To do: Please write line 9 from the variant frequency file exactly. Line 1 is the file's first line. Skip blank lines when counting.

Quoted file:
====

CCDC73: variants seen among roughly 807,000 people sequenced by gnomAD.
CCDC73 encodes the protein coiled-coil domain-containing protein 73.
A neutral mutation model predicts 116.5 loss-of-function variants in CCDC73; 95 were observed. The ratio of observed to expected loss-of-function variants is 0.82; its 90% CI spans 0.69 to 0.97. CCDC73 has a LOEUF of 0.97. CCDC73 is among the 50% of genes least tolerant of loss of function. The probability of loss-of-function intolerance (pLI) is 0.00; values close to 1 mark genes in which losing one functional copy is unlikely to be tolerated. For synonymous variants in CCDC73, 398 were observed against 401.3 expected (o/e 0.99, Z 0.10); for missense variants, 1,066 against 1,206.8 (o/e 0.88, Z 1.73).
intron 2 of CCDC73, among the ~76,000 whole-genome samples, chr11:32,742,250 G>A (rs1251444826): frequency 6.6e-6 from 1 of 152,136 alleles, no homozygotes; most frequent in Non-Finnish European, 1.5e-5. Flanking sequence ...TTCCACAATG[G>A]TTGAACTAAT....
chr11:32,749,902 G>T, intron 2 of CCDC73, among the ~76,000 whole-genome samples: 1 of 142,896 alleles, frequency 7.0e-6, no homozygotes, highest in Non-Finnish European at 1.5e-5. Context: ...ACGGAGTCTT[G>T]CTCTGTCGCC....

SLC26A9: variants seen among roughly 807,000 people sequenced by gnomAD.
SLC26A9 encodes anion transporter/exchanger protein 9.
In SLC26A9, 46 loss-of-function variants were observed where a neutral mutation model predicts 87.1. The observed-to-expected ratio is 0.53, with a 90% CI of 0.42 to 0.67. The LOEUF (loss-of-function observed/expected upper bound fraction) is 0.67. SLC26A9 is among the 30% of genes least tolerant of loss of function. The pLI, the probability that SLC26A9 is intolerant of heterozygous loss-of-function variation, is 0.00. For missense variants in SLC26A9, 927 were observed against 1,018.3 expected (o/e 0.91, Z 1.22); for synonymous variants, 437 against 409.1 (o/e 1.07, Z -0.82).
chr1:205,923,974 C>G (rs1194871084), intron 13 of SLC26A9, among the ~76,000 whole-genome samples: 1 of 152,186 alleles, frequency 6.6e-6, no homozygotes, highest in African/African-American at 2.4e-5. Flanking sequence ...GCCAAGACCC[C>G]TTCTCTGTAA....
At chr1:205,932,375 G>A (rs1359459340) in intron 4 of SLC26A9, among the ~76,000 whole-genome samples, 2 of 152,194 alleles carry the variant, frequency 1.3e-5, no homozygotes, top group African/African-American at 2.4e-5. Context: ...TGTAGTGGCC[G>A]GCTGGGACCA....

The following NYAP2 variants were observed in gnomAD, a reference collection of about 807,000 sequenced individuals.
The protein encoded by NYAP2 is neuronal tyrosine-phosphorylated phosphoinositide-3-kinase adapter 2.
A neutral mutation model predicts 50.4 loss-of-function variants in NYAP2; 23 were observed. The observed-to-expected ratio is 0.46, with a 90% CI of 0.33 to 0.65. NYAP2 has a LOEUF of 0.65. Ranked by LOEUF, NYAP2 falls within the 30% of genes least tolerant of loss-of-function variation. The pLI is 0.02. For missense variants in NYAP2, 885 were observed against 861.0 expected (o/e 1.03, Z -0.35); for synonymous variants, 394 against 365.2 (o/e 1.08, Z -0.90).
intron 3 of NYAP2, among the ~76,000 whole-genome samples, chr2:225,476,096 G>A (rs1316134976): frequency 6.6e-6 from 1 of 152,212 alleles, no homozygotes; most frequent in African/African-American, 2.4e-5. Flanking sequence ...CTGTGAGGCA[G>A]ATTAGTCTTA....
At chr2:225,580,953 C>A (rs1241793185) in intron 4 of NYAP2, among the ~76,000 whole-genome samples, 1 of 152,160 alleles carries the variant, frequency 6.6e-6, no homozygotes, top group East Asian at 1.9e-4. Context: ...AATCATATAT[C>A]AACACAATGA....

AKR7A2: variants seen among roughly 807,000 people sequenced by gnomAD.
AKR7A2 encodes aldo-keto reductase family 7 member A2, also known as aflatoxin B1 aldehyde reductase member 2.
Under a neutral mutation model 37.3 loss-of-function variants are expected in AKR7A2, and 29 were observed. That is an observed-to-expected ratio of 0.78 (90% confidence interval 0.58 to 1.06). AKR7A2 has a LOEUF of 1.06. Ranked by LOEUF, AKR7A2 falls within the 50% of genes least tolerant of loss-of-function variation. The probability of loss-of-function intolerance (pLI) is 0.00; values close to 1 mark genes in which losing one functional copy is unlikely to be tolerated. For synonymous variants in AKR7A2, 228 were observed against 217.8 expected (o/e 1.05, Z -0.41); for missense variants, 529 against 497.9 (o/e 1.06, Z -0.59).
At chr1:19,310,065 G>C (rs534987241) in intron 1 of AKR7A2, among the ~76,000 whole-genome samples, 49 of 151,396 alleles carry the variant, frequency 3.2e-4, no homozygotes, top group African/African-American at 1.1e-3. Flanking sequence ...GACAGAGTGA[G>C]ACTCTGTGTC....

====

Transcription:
chr1:205,923,974 C>G (rs1194871084), intron 13 of SLC26A9, among the ~76,000 whole-genome samples: 1 of 152,186 alleles, frequency 6.6e-6, no homozygotes, highest in African/African-American at 2.4e-5. Flanking sequence ...GCCAAGACCC[C>G]TTCTCTGTAA....